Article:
A decade or so later, Skinner obtained a Marti Report and realized just how rare his ’69 Mustang GT convertible truly was. Ford Motor Co. equipped fewer than 30 GT convertibles with the four-speed R-Code 428-cid engine option in 1969. Only four are known to exist today, according to the R-Code registry.
The first final Mustang GT
The GT version was in its final year for 1969, at least for the first time (the Mustang GT would return in 1982.) A dizzying number of sub-models by 1969 crowded the Mustang corral, which was occupied by the Mach 1, Boss 302 and Boss 429, the Grande, the Shelby GT350 and Shelby GT500, the GT and the standard Mustang. Sales of the Mustang GT was just 4,973 examples in 1969, less than 20 percent of the initial year’s production of 25,517 GT cars during the 1966 model year. Of those Mustang GTs built in 1969, just 1,127 were convertibles.
For 1969, the GT package on the Mustang included special handling equipment; lower body racing stripes; dual exhaust; pin-type hood lock latches; and styled steel wheels painted Argent Silver and fitted with trim rings and GT hubcaps. Drum brakes and a three-speed manual transmission were standard, as was the 351-cid Windsor V-8 with 250 hp.
GT buyers could up the power and displacement in 1969 by ordering the 428 Cobra Jet with or without Ram Air. Those without Ram Air were identified on the data plates as Q-code 428 Cobra Jets and those with Ram Air were identified as R-code 428 Cobra Jets. By ordering the Drag Pack (a 4.30 gear ratio in the Traction-Lok rear axle), an R-code or Q-code 428 Cobra Jet received beefed-up internal drivetrain components and became a Super Cobra Jet. Steve’s Mustang GT had been built with a 3.50 gear ratio in the Traction-Lok rear axle, and with the Ram Air package, it’s identified as an R-code 428 Cobra Jet good for 335 hp.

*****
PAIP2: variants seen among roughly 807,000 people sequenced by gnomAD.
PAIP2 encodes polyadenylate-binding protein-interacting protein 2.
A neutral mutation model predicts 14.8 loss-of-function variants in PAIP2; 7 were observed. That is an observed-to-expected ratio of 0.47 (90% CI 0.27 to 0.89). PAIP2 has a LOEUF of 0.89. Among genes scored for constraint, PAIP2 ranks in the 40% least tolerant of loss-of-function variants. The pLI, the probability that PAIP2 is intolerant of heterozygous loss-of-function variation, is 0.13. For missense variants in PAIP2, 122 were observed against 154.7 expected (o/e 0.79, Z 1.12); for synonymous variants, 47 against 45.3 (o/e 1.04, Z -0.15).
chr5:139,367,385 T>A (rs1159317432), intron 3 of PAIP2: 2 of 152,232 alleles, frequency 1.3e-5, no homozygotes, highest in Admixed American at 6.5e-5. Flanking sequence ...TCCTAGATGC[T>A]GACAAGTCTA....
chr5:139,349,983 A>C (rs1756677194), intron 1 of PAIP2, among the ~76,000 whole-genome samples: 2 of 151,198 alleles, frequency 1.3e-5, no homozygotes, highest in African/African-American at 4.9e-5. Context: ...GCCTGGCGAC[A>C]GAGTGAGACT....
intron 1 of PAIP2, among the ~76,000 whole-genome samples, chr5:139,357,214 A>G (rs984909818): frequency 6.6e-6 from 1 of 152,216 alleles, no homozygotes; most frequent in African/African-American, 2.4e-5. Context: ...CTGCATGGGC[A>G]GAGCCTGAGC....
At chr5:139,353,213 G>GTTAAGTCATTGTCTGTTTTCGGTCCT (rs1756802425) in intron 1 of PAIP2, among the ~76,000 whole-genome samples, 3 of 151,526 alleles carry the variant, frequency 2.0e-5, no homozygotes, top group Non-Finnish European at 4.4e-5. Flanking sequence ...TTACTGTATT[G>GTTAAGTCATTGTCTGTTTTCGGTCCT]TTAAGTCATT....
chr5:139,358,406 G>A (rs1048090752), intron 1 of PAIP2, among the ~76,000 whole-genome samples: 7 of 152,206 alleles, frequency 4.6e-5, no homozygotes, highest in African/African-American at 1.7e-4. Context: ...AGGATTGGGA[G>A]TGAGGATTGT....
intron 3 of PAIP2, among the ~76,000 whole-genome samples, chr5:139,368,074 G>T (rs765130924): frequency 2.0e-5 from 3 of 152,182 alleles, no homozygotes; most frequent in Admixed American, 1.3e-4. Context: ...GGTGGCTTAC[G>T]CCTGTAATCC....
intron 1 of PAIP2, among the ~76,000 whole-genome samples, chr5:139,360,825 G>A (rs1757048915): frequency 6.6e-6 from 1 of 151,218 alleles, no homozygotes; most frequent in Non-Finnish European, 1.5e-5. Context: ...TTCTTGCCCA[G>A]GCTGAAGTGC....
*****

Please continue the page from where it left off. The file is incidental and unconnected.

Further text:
The right time for restoration
When Skinner’s list of parts necessary to complete the Mustang’s restoration had become short, he contacted longtime friend Buzz Rose to rebuild a date-code-correct 428-cid Cobra Jet engine. Buzz went through the engine from top to bottom and performed his wizardry to make it a top-shelf, factory-correct specimen.
“Buzz Rose sleeps, eats and breathes Fords,” Skinner said. “He was the right and only person to build my engine for the Mustang. “It was Buzz Rose and his knowledge and expertise who influenced me to purchase the car and take on the restoration project. Without him, I never would have gotten myself into it and taken on such a huge project.”